E-Mail: Consumers Click Less, Convert More

Both overall conversion rates and orders generated per emails delivered improved for email marketers this year over 2003. There was a slight decline in open and click-through rates, according to DoubleClick’s latest email trend report.

“The top-line summary is we’re seeing the continued evolution of email, with improvement in deliverability across the board, based on better list hygiene practices,” said Kevin Mabley, DoubleClick’s senior director of strategic services. “It’s a sign of how clean and well-kept customer lists are.”

The report is based on over 2 billion email messages sent by hundreds of DoubleClick clients using the company’s DARTmail service in Q3, 2004.

Average delivery rate (measuring emails sent minus number of bounces) improved 1.2 percent to 89.3 percent in Q3, compared to the same period last year. Average click-to-purchase rate, meanwhile, increased to 4.2 percent, a 25.5 percent lift over 2003.

While those numbers improved, open- and click-through rates showed a mild decline. The average open-rate fell 7.5 percent to 34.3 percent, compared to the same time period in 2004. The average click-through rate was 8.2 percent, a 10.9 percent decrease from 2003.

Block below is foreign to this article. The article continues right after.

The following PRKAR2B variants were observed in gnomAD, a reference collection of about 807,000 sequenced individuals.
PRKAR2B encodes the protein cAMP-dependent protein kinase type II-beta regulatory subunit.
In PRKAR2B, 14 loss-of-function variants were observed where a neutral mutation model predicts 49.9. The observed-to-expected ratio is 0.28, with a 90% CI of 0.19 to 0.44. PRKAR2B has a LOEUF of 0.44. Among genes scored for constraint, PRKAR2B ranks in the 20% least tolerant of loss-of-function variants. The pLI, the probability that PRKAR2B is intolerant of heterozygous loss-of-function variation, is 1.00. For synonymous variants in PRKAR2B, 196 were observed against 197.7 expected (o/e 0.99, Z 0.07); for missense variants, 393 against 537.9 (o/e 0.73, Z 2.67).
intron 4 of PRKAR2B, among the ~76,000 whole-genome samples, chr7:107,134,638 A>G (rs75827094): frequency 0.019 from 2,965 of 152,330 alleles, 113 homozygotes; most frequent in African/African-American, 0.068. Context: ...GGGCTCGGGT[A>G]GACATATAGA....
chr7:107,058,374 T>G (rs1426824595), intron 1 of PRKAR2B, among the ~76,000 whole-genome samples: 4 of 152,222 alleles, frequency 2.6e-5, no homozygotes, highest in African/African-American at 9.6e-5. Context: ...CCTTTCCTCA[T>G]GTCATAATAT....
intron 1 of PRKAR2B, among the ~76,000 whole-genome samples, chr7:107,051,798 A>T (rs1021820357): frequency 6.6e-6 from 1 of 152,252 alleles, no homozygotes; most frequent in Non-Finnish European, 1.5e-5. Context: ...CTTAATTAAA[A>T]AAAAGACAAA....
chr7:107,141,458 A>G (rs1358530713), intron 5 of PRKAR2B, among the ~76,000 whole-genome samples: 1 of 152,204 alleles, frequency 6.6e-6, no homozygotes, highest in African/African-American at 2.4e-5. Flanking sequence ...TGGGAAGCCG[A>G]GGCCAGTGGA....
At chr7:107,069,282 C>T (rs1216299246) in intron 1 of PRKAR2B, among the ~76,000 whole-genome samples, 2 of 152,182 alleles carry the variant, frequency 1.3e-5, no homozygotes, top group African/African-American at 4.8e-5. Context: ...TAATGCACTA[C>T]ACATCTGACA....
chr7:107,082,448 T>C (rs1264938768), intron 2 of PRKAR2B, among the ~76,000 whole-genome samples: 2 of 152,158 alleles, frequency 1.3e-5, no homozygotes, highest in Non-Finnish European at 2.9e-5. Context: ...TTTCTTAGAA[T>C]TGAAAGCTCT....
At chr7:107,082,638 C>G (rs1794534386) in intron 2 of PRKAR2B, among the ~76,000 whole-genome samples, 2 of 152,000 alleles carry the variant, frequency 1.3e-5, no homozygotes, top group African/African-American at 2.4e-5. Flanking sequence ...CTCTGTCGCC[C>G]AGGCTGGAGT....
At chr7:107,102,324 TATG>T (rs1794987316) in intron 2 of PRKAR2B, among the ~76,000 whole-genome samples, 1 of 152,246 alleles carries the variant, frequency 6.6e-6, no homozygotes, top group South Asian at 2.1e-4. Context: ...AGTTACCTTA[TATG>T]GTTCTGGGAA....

A reason for those declines is the number of new customers, who are generally more responsive to email promotions than established customers, are starting to account for a smaller portion of client lists, Mabley said.

“What we’ve found is that, while your average customers may not always respond, when they are in market, they convert,” Mabley said.

The data also indicate a move away from the “blast” approach to email marketing to one much more akin to the logic of direct marketing, said Trevor Hughes, executive director of the E-mail Service Provider Coalition (ESPC).

“This report further supports and reinforces the need for good practices,” Hughes said. “It shows how the carpet bombing strategies of the past are probably not going to survive in the end.”

The ESPC endorses three basic practices for email marketers: customer consent; a guarantee the recipient has a relationship with the brand; and a consistent send policy.

“If you send too frequently, you will suffer. If you send too infrequently, you will also suffer,” Hughes said. “You have to find the sweet spot. And it’s different for every marketer.”

Looking forward, Mabley said leading email marketers will continue to trend toward greater targeting, using both more historic purchase information and segmentation in their campaigns.

“Looking back, the last year was about consistency and regularity in email campaigns,” Mabley said. “Now, the better companies are focusing most on targeting and segmentation, closing the gap between delivery and response.”

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